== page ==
Next Article in Journal
Riding Quality Model for Asphalt Pavement Monitoring Using Phase Array Type L-band Synthetic Aperture Radar (PALSAR)
Next Article in Special Issue
Detection and Measurement of Snowfall from Space
Previous Article in Journal
Visible and Infrared Remote Imaging of Hazardous Waste: A Review
Previous Article in Special Issue
Dust and Smoke Detection for Multi-Channel Imagers
Article Menu

Export Article

Open AccessArticle
Remote Sens. 2010, 2(11), 2509-2530;

Seven Years’ Observation of Mid-Upper Tropospheric Methane from Atmospheric Infrared Sounder

Dell Perot Systems Government Services, Fairfax, VA 22031, USA
Center for Satellite Applications and Research (STAR), National Environmental Satellite, Data, and Information Service (NESDIS), NOAA, Camp Springs, MD 20746, USA
NASA/Jet Propulsion Laboratory, Pasadena, CA, USA
Author to whom correspondence should be addressed.
Received: 20 September 2010 / Revised: 28 October 2010 / Accepted: 5 November 2010 / Published: 9 November 2010
(This article belongs to the Special Issue Atmospheric Remote Sensing)
Full-Text   |   PDF [439 KB, uploaded 19 June 2014]   |  


The Atmospheric Infrared Sounder (AIRS) on EOS/Aqua platform provides a measurement of global methane (CH4) in the mid-upper troposphere since September, 2002. As a thermal infrared sounder, the most sensitivity of AIRS to atmospheric CH4 is in the mid-upper troposphere with the degree of freedom of ~1.0. Validation of AIRS CH4 product versus thousands of aircraft profiles (convolved using the AIRS averaging kernels) demonstrates that its RMS error (RMSE) is mostly less than 1.5%, and its quality is pretty stable from 2003 to 2009. For scientific analysis of the spatial and temporal variation of mid-upper tropospheric CH4 (MUT-CH4) in the High Northern Hemisphere (HNH), it is more valuable to use the AIRS retrieved CH4 in a layer of about 100 hPa below tropopause (“Representative Layer”) than in a fixed pressure layer. Further analysis of deseasonalized time-series of AIRS CH4 in both a fixed pressure layer and the “Representative Layer” of AIRS (only for the HNH) from 2003 to 2009 indicates that, similar to the CH4 in the marine boundary layer (MBL) that was found to increase in 2007–2008, MUT-CH4 was also observed to have a recent increase but the most significant increase occurred in 2008. MUT-CH4 continued to increase in 2009, especially in the HNH. Moreover, the trend of MUT-CH4 from 2006 to 2008 is lower than the trend of CH4 in the MBL by 30–40% in both the southern hemisphere and HNH. This delay for the MUT-CH4 increase of about one year than CH4 in the MBL as well as the smaller increase trend for MUT-CH4 suggest that surface emission is likely a major driver for the recent CH4 increase. It is also found that the seasonal cycle of MUT-CH4 is different from CH4 in the MBL due to the impact of transport, in addition to the surface emission and the photochemical loss. View Full-Text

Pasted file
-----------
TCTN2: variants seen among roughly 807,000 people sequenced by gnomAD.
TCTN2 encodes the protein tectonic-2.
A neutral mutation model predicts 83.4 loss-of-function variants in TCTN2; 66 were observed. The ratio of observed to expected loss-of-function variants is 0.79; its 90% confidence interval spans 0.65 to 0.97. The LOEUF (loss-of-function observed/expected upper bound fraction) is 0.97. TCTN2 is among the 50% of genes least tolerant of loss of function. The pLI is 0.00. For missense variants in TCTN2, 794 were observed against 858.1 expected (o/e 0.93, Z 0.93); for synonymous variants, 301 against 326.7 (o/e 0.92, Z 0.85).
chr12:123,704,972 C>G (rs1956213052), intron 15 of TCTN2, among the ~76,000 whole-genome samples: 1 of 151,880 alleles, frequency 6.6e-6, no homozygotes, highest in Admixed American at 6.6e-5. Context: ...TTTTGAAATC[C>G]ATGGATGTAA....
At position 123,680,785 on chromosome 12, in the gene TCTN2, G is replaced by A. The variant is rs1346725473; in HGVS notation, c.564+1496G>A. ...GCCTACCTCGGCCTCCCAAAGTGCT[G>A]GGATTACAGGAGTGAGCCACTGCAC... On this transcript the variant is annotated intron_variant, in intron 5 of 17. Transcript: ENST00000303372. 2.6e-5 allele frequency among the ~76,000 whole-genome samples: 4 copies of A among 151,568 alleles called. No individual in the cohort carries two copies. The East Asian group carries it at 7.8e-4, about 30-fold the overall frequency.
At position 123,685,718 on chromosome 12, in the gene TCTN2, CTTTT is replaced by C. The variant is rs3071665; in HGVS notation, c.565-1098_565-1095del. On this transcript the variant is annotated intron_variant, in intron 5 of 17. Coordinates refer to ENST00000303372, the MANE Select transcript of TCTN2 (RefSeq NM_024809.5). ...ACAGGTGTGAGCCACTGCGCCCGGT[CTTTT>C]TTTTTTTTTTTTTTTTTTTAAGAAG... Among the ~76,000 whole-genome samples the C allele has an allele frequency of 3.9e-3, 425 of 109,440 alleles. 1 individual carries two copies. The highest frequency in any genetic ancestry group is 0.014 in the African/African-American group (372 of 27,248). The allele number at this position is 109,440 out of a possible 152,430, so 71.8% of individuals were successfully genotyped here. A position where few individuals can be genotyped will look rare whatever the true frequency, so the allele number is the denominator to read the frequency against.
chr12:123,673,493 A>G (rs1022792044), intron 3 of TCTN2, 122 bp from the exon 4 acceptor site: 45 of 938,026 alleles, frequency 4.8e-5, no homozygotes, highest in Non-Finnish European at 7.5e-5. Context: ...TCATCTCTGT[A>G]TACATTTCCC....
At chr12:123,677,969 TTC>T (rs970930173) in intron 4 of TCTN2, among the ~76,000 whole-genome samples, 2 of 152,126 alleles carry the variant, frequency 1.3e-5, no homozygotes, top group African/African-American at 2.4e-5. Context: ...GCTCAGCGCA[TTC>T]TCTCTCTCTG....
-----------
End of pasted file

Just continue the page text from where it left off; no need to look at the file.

Keywords: methane; mid-upper troposphere; satellite; AIRS; trend; seasonal cycle   methane; mid-upper troposphere; satellite; AIRS; trend; seasonal cycle  

Figure 1

This is an open access article distributed under the Creative Commons Attribution License (CC BY 3.0).

Share & Cite This Article

MDPI and ACS Style

Xiong, X.; Barnet, C.; Maddy, E.; Wei, J.; Liu, X.; Pagano, T.S. Seven Years’ Observation of Mid-Upper Tropospheric Methane from Atmospheric Infrared Sounder. Remote Sens. 2010, 2, 2509-2530.

Show more citation formats Show less citations formats

Related Articles

Article Metrics

Article Access Statistics



[Return to top]
Remote Sens. EISSN 2072-4292 Published by MDPI AG, Basel, Switzerland RSS E-Mail Table of Contents Alert
Back to Top